Galbis

New Member
Latin and Greek seem similar because they are Indo-European. Many Latin grammars point out how English is similar to Sanskrit and others. Take water for example: German: Wasser, Russian: voda or, tooth: Greek: dontos Sanskrit (root): dent- Languages are wonderful, but it's beautiful how close they are.
 

PeterW

New Member
The modern consensus is that the Indo-European languages are related in overlapping groups, roughly corresponding to geography. So Latin shares some features with Celtic, and some with Greek. Greek shares other features with Armenian and Sanskrit. Sanskrit shares others with Slavic languages. And so on.

The closest languages to Latin are other Italic languages that may not have been well known in 1859 !
 
The arguments for a closer connexion between Italic and Keltic seem stronger, but the strongest argument there is about both branches having settled mostly on 'r' forms to distinguish the mediopassives, which is really no better than arguing that the Germanic and Slavonic branches have a special relationship simply because both repurpose the original genitive plural as a dative plural.
 

Big Horn

Active Member
Andrew Sihler comments in his New Comparative Greek and Latin Grammar (2008) that a comparative grammar of Greek and Sanskrit would be worthwhile. indicating an interesting relationship between those two languages which would show them to be closer than Greek and Latin.

Sanskrit is artificial to an extreme degree, but this would be a fascinating project. It might open some new avenues of inquiry with respect to Latin.
 
Andrew Sihler comments in his New Comparative Greek and Latin Grammar (2008) that a comparative grammar of Greek and Sanskrit would be worthwhile. indicating an interesting relationship between those two languages which would show them to be closer than Greek and Latin.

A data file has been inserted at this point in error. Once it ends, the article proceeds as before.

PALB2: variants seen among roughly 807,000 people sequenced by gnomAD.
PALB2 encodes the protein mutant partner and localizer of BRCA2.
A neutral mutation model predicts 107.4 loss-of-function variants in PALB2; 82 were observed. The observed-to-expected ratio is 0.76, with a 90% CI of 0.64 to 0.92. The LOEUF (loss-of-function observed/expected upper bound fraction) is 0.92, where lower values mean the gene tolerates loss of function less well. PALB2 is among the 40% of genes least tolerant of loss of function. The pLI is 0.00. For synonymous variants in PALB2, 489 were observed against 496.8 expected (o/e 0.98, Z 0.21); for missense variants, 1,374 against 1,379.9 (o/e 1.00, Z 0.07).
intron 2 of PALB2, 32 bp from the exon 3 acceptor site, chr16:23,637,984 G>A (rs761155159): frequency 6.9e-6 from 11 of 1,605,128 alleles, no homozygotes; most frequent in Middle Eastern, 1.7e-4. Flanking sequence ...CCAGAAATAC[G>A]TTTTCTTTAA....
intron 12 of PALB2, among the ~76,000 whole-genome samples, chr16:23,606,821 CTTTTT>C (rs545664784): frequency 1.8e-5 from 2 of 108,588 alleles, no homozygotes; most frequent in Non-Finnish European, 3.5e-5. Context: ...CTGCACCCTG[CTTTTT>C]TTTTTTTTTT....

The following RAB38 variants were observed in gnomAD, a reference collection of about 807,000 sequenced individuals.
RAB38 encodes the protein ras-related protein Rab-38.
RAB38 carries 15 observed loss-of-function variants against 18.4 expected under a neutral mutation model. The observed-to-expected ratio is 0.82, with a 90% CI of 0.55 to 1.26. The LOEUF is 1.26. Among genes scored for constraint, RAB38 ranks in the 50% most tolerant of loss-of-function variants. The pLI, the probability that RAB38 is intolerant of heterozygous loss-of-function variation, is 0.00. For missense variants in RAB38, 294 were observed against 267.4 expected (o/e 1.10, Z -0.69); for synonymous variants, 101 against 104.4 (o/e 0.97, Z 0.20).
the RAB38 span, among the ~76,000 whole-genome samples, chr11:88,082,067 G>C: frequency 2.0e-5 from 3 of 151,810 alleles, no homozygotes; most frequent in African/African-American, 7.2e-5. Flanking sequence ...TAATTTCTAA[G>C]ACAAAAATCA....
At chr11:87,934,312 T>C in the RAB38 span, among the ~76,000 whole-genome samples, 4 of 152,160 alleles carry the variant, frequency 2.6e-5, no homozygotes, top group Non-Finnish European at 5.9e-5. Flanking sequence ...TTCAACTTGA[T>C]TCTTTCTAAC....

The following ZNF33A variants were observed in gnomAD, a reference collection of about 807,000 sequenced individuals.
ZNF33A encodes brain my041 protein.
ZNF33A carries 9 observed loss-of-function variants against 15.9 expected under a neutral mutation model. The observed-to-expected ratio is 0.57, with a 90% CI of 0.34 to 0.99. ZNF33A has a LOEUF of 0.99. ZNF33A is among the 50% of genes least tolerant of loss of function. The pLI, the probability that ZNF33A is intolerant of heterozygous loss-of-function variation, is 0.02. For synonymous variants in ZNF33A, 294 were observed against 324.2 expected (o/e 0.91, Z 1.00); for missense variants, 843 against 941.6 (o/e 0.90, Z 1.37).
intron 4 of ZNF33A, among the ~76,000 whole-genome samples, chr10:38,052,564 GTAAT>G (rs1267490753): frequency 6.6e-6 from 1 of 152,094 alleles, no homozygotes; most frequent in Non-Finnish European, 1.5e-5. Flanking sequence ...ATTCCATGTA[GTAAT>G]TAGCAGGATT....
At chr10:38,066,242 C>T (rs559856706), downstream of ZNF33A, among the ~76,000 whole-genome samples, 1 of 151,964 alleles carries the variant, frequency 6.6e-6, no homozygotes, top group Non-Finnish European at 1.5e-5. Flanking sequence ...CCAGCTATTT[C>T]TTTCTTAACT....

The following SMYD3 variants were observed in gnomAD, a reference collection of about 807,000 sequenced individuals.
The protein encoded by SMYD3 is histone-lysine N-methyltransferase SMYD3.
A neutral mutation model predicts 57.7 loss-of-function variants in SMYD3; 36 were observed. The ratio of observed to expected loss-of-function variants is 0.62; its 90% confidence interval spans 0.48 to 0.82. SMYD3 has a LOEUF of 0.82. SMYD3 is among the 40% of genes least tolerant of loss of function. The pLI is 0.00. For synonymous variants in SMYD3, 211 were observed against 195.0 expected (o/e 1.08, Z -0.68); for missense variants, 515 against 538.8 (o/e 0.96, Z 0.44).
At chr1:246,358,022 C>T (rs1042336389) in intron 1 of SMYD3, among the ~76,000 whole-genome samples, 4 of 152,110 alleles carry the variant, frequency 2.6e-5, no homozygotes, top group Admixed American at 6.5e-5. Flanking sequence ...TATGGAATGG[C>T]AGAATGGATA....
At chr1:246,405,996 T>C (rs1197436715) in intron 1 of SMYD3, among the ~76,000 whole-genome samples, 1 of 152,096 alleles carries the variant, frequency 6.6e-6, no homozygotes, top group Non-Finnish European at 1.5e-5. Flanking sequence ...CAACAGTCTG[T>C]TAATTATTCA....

Sanskrit is artificial to an extreme degree, but this would be a fascinating project. It might open some new avenues of inquiry with respect to Latin.
I ſhould aſk my ſon, who has ſtudy'd both Latin and Sanſkrit.
We spend moſt of our viſits diſcuſſing linguiſtics.;)
 

Big Horn

Active Member
It's so pleasant to see the long s. I did not know the character was available although I suppose that it's on the Microsoft Character Map. I found your use of study'd to be very pleasant as well. I'd like to learn the rules for its use so that I may incorporate it into my writing.

Can you recommend any books or websites that treat eighteenth century English and Latin orthography as well as related material? I've been browsing of late in Keil. Volume VII, Scriptores De Orthographia. It's most enjoyable.
 

Edmundus

New Member
Quite closely. You could say that about most languages though, it just depends. For instance, common words like the one for "god" in Latin is deus, whereas in Greek they have Zeus. In linguistics, Ds and Zs are occasionally interchangeable. The same goes for Vs, Bs, Fs, Ws, and Ps.
 

Hemo Rusticus

Lounge Lizard
The words you mention are cognates, but they are not equivalent. The morphological equivalent of Latin deus in Greek is rather δῖος.
 

Serenus

legātus armisonus
Quite closely. You could say that about most languages though, it just depends. For instance, common words like the one for "god" in Latin is deus, whereas in Greek they have Zeus. In linguistics, Ds and Zs are occasionally interchangeable. The same goes for Vs, Bs, Fs, Ws, and Ps.
Most languages? No.

Maybe all languages descend from some pre-historic human language found deep into the past, many thousands of years ago, but it's not observable anymore.
 

Issacus Divus

H₃rḗǵs h₁n̥dʰéri diwsú
Perhaps he is slowly coming to that same wondrous realization that Sir William Jones came to.
 

Issacus Divus

H₃rḗǵs h₁n̥dʰéri diwsú
Thank you sir. :hat: